By on October 10, 2016

1983 Dodge Ram 50 in Colorado Junkyard, LH front view - ©2016 Murilee Martin - The Truth About Cars
Small pickups sold pretty well in the United States during the Malaise Era, and Ford and GM cashed in by importing and rebadging Mazda and Isuzu trucks, respectively. Chrysler, late to the party, turned to longtime partner Mitsubishi and began bringing in first-generation Forte pickups, starting in the 1979 model year.

Here’s a Dodge-badged version I found last week in a Denver self-service yard.

1983 Dodge Ram 50 in Colorado Junkyard, Build tag - ©2016 Murilee Martin - The Truth About Cars

The Dodge Ram 50 (aka Dodge D50) and Plymouth Arrow pickup were cheap, fairly reliable, and got the job done. Once Mitsubishi started selling vehicles in the United States under its own badging, small-truck shoppers could buy a Mighty Max version as well.

1983 Dodge Ram 50 in Colorado Junkyard, Astron Engine - ©2016 Murilee Martin - The Truth About Cars

The 2.6-liter Astron four-cylinder engine powered a bewildering assortment of US-market vehicles, from the K-Cars with “Hemi 2.6” engines to the exquisitely 1980s Mitsubishi Starion.

1983 Dodge Ram 50 in Colorado Junkyard, body filler - ©2016 Murilee Martin - The Truth About Cars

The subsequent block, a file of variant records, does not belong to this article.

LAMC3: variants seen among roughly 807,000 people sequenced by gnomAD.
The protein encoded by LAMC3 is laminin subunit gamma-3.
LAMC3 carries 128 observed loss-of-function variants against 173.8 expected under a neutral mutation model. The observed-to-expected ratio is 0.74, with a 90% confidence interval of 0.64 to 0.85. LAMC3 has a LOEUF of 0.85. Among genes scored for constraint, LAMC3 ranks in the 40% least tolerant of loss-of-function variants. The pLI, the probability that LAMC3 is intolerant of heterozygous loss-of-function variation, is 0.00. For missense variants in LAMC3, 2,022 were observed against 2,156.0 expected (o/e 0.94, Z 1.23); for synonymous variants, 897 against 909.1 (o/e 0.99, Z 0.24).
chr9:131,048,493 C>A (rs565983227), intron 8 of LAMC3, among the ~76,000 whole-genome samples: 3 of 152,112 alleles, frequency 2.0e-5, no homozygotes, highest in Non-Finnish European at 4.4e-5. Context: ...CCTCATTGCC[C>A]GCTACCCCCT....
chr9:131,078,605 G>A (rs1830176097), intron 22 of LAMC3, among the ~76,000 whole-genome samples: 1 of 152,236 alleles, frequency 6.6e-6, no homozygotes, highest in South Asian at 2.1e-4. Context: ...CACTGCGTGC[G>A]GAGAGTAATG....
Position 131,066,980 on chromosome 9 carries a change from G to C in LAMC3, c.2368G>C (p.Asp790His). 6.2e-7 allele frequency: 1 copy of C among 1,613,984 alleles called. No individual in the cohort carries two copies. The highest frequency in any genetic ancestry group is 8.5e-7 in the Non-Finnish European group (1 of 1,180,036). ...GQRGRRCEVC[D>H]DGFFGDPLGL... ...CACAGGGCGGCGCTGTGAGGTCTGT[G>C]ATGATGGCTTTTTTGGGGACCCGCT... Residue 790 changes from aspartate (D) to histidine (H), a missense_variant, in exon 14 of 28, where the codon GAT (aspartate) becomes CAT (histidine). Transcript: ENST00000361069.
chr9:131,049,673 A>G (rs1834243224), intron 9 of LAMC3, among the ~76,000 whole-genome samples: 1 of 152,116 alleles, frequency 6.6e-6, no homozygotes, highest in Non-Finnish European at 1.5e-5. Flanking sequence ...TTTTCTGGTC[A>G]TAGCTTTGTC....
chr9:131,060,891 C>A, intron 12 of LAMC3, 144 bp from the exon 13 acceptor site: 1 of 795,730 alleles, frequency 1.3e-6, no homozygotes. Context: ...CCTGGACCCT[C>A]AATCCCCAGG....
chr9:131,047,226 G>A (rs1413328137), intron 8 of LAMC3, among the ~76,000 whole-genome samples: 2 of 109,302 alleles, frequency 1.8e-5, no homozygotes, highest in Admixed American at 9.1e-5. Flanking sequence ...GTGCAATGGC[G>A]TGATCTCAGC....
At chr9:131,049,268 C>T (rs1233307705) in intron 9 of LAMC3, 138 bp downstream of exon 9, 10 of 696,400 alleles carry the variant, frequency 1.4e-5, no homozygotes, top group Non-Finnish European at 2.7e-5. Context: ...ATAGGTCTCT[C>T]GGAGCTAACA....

This truck has plenty of body filler and general hooptieness, but doesn’t seem rusty.

1983 Dodge Ram 50 in Colorado Junkyard, radio - ©2016 Murilee Martin - The Truth About Cars

A very simple little truck, with simple controls and not much to go wrong. And now its constituent materials will reenter the commodities food chain.

The best EPA fuel economy of all small pickups with optional automatic transmissions? Yes, the D50 and its optimistic 28 highway miles per gallon.

You don’t have to look tough to be tough.

By 1983, the Ram 50 had to compete with the identical Mighty Max.

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40 Comments on “Junkyard Find: 1983 Dodge Ram 50 Prospector...”


  • avatar
    CoreyDL

    Chrysler and Mitsubishi are like that couple who end up featured on Cops in three different seasons. They’re no good for one another, but they end up in bed together over and over.